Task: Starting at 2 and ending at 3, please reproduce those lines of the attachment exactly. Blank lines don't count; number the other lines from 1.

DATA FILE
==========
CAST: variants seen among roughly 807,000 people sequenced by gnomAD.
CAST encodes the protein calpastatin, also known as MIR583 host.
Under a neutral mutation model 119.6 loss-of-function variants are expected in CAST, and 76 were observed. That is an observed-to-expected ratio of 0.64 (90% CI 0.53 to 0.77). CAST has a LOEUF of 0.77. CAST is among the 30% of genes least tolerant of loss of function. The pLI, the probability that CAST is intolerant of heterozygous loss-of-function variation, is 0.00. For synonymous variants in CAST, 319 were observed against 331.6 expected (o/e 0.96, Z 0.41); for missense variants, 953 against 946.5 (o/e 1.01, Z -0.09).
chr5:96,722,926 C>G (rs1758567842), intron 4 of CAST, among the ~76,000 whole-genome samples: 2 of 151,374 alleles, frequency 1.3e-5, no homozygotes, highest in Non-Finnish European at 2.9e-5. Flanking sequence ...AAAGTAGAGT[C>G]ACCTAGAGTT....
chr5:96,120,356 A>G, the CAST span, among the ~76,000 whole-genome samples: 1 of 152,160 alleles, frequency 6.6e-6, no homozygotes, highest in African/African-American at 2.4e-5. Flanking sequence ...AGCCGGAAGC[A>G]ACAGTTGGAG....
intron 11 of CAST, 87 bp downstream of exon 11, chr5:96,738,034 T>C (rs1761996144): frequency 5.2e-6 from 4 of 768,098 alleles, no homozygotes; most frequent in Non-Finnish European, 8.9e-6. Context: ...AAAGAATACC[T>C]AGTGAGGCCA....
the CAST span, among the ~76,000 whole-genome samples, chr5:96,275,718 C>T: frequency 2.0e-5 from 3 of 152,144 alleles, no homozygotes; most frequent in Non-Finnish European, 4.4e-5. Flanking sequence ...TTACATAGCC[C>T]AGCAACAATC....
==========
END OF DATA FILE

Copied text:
CAST encodes the protein calpastatin, also known as MIR583 host.
Under a neutral mutation model 119.6 loss-of-function variants are expected in CAST, and 76 were observed. That is an observed-to-expected ratio of 0.64 (90% CI 0.53 to 0.77). CAST has a LOEUF of 0.77. CAST is among the 30% of genes least tolerant of loss of function. The pLI, the probability that CAST is intolerant of heterozygous loss-of-function variation, is 0.00. For synonymous variants in CAST, 319 were observed against 331.6 expected (o/e 0.96, Z 0.41); for missense variants, 953 against 946.5 (o/e 1.01, Z -0.09).